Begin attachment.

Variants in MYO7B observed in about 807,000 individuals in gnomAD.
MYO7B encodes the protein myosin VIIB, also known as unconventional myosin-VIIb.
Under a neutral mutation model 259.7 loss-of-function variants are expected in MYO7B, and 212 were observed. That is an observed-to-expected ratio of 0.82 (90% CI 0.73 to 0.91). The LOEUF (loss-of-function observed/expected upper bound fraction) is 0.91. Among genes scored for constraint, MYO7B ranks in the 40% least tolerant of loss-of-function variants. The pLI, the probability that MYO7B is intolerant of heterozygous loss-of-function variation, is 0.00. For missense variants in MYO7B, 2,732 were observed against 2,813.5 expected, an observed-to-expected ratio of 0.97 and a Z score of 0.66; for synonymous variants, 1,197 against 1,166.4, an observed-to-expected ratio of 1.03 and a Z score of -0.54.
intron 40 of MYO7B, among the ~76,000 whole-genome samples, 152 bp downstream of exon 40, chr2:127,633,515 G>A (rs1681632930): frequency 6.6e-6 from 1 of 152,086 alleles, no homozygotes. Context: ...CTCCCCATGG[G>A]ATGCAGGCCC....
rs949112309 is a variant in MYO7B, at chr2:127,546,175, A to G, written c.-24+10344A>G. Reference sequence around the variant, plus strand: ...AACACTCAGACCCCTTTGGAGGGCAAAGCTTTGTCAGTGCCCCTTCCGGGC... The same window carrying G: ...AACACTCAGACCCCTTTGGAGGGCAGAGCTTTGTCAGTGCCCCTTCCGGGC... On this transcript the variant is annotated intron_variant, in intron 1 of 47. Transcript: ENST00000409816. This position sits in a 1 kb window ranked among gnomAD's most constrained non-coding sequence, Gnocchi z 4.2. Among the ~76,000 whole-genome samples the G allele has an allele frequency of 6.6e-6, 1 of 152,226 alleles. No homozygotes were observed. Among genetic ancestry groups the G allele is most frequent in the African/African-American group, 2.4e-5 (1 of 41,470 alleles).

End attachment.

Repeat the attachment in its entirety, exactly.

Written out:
Variants in MYO7B observed in about 807,000 individuals in gnomAD.
MYO7B encodes the protein myosin VIIB, also known as unconventional myosin-VIIb.
Under a neutral mutation model 259.7 loss-of-function variants are expected in MYO7B, and 212 were observed. That is an observed-to-expected ratio of 0.82 (90% CI 0.73 to 0.91). The LOEUF (loss-of-function observed/expected upper bound fraction) is 0.91. Among genes scored for constraint, MYO7B ranks in the 40% least tolerant of loss-of-function variants. The pLI, the probability that MYO7B is intolerant of heterozygous loss-of-function variation, is 0.00. For missense variants in MYO7B, 2,732 were observed against 2,813.5 expected, an observed-to-expected ratio of 0.97 and a Z score of 0.66; for synonymous variants, 1,197 against 1,166.4, an observed-to-expected ratio of 1.03 and a Z score of -0.54.
intron 40 of MYO7B, among the ~76,000 whole-genome samples, 152 bp downstream of exon 40, chr2:127,633,515 G>A (rs1681632930): frequency 6.6e-6 from 1 of 152,086 alleles, no homozygotes. Context: ...CTCCCCATGG[G>A]ATGCAGGCCC....
rs949112309 is a variant in MYO7B, at chr2:127,546,175, A to G, written c.-24+10344A>G. Reference sequence around the variant, plus strand: ...AACACTCAGACCCCTTTGGAGGGCAAAGCTTTGTCAGTGCCCCTTCCGGGC... The same window carrying G: ...AACACTCAGACCCCTTTGGAGGGCAGAGCTTTGTCAGTGCCCCTTCCGGGC... On this transcript the variant is annotated intron_variant, in intron 1 of 47. Transcript: ENST00000409816. This position sits in a 1 kb window ranked among gnomAD's most constrained non-coding sequence, Gnocchi z 4.2. Among the ~76,000 whole-genome samples the G allele has an allele frequency of 6.6e-6, 1 of 152,226 alleles. No homozygotes were observed. Among genetic ancestry groups the G allele is most frequent in the African/African-American group, 2.4e-5 (1 of 41,470 alleles).